Best-known for its two festivals, the Isle of Wight Festival (June) and Bestival (September), the Isle of Wight is also a sailing hotspot with its numerous regattas, including the high-profile Cowes Week (August). Well-known for its scenic beauty, its endless white cliffs, especially for its chalk stacks, the Needles, east of the island.
The island is located off the south coast of England and can be accessed via ferry from Portsmouth and Southampton. Ryde and Newport are the two main parish towns although most visitors don't tend to visit the island for its urban scene (which is close to non-existent), but for its miles of lush green countryside that provide great terrain for cycling.
The island is also well-known for its royal heritage: Osbourne House and Carisbrooke Castle were Queen Victoria's main residence and where Charles I was held prisoner in the late 1600s).
The Isle of White is a destination of multiple facets - one of the jet-setter during Cowes Week, more of a relaxed, even hippy face during its festivals, and the rest of the year it attracts nature-lovers and hikers from all over the world, but especially from England's southern cities.
The Isle of Wight may not be your most obvious choice for a holiday destination, but it has some great draws such as the range of water sports on offer and its numerous festivals. For travellers considering taking a holiday here, the Isle of Wight Festival (June) and Bestival (September) are worth combining a holiday with. Cowes Week (August) is also one of the most impressive regattas you will see in the world - brace yourself for the jet-setter atmopshere during the race.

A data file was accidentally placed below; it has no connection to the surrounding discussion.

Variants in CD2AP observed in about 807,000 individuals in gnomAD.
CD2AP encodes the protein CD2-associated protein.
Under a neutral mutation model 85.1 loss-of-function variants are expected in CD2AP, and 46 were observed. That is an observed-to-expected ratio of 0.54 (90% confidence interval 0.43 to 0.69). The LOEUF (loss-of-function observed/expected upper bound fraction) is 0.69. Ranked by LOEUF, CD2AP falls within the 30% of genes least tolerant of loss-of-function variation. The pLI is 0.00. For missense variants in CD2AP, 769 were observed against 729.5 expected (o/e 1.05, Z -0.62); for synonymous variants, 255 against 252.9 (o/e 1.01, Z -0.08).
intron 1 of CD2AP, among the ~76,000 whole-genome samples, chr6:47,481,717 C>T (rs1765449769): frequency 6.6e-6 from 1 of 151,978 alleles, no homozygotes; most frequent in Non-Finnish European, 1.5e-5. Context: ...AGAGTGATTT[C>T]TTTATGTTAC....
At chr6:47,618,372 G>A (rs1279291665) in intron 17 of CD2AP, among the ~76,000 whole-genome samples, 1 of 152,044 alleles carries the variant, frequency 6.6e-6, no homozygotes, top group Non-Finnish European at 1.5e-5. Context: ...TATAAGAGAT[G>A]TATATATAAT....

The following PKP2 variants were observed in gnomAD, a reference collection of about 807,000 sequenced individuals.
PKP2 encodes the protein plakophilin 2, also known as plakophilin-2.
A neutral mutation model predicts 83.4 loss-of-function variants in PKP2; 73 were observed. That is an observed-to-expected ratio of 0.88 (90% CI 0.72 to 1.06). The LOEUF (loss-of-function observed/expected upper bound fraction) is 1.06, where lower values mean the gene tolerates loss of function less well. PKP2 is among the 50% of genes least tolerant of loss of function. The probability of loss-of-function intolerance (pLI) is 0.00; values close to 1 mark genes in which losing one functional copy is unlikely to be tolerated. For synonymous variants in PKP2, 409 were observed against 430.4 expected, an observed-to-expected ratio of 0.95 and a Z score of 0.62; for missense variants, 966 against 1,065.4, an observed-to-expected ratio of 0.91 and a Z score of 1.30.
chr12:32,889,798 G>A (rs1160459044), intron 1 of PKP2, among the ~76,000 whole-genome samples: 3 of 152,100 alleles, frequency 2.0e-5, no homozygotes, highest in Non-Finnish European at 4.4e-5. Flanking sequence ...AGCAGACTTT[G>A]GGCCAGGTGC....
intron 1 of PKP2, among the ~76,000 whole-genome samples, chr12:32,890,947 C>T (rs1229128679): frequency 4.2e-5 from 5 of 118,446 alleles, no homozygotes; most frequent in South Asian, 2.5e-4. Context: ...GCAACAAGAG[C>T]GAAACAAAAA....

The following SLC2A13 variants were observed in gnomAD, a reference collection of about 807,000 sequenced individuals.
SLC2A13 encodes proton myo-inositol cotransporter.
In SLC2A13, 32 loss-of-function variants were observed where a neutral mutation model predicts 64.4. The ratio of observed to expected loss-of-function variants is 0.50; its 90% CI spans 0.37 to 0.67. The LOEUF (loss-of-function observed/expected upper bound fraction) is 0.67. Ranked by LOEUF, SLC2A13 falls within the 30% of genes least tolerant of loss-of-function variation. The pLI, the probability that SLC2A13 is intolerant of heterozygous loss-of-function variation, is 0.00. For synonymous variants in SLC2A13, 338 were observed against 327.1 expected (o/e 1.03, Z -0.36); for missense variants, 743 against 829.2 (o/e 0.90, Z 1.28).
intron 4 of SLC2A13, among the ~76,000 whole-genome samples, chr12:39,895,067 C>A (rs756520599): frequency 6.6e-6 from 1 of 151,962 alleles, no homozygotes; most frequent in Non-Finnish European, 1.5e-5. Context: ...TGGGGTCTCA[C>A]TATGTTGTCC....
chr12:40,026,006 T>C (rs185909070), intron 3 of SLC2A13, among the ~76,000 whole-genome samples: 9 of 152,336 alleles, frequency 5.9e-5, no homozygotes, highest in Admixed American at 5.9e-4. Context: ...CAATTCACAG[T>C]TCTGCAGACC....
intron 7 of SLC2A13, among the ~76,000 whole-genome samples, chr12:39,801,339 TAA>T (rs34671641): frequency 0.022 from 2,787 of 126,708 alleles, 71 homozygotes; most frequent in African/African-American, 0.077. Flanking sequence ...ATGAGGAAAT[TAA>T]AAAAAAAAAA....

The island is also renowned for its dinausaur fossils, which can still be found today.
The most popular places of interest are Sandown and Shanklin along the eastern coast for their beaches, however these areas do tend to get a little crowded over the summer, especially during the festivals going on. The best place to head to if you want a cross between getting away from it all and touristic infrastructure is Whitecliff Bay in Bembridge, also east. There is a campsite here with cabins and tents. The beach, Whitecliff Bay is mainly shingle, but there tends to be fewer people here - a perfect spot for tea and scones at the tiny blue beach shack that sits along the beach. For travellers wanting to feel at one with nature, there are a number of places to explore, including Alum Bay, renowned for its multicoloured sand (close to the Needles), and a number of gorges like Blackgang Chine and Shanklin.
As there is hardly any public transport on the island and is very expensive, therefore travellers should consider renting a car or bike for the duration of their stay.
Avoid venturing out after dark on a bike without appropriate safety gear as the roads are poorly lit and often are not lit at all, which is extremely dangerous.
There isn't really anything typical of the area to try that differs from the mainland apart from the range of fresh fish available all over the island in its pubs and restaurants.
As with things to try there isn't anything particular to bring back from the Isle of Wight that you cannot get on the mainland. Travellers should satisfy themselves with a refreshed body and mind.